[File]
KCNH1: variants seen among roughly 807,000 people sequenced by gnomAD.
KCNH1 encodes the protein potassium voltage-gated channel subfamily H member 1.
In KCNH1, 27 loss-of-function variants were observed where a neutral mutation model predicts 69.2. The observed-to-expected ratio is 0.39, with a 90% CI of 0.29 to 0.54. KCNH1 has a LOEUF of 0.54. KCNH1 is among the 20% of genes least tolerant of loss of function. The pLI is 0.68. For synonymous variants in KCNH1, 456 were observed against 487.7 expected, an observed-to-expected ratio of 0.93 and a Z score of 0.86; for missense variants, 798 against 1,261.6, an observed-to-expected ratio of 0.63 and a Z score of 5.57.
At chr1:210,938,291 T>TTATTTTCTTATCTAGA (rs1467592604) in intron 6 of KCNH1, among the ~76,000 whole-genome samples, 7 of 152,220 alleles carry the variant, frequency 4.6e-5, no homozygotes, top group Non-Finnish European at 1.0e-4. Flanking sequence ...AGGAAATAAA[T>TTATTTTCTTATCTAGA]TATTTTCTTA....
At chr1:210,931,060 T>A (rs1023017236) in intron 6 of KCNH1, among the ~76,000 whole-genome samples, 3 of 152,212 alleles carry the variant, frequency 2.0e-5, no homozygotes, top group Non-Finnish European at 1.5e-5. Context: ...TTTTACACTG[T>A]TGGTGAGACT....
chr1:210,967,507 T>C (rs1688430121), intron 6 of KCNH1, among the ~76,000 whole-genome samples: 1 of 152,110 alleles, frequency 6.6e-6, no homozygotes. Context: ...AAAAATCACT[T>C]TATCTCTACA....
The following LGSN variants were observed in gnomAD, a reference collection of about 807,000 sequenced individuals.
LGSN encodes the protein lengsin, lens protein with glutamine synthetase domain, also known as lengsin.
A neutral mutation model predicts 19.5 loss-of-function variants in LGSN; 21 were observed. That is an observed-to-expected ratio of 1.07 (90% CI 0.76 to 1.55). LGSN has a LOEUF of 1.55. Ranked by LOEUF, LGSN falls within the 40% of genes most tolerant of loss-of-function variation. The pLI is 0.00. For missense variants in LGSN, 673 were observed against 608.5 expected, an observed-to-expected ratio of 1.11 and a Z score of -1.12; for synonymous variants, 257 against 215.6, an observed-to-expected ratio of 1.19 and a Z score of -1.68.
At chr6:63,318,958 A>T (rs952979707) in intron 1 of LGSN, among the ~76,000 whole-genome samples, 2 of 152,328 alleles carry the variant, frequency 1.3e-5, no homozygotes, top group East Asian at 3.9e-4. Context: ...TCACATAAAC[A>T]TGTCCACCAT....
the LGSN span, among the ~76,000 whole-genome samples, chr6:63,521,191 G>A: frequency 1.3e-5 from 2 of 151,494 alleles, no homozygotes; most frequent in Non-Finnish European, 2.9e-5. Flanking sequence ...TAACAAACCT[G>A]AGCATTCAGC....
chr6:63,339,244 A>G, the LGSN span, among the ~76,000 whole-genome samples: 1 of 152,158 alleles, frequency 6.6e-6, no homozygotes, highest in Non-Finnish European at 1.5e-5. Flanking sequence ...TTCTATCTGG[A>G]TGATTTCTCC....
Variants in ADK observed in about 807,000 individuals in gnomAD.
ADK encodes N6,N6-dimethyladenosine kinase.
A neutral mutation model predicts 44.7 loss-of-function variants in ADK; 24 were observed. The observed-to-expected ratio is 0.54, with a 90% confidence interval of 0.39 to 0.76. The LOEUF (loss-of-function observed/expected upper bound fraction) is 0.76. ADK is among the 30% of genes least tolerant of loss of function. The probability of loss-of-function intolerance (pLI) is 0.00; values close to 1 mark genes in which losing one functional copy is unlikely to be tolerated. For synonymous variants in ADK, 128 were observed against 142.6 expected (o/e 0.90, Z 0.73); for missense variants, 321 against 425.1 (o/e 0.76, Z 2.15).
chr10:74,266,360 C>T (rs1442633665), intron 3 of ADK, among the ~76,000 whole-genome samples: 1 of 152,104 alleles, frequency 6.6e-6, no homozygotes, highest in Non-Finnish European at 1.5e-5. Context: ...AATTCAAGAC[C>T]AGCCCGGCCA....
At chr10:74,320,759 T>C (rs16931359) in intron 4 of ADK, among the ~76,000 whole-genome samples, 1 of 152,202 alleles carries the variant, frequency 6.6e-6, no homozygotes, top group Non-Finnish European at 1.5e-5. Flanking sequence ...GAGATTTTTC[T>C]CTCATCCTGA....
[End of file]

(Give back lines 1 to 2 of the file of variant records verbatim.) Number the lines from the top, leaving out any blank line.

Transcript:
KCNH1: variants seen among roughly 807,000 people sequenced by gnomAD.
KCNH1 encodes the protein potassium voltage-gated channel subfamily H member 1.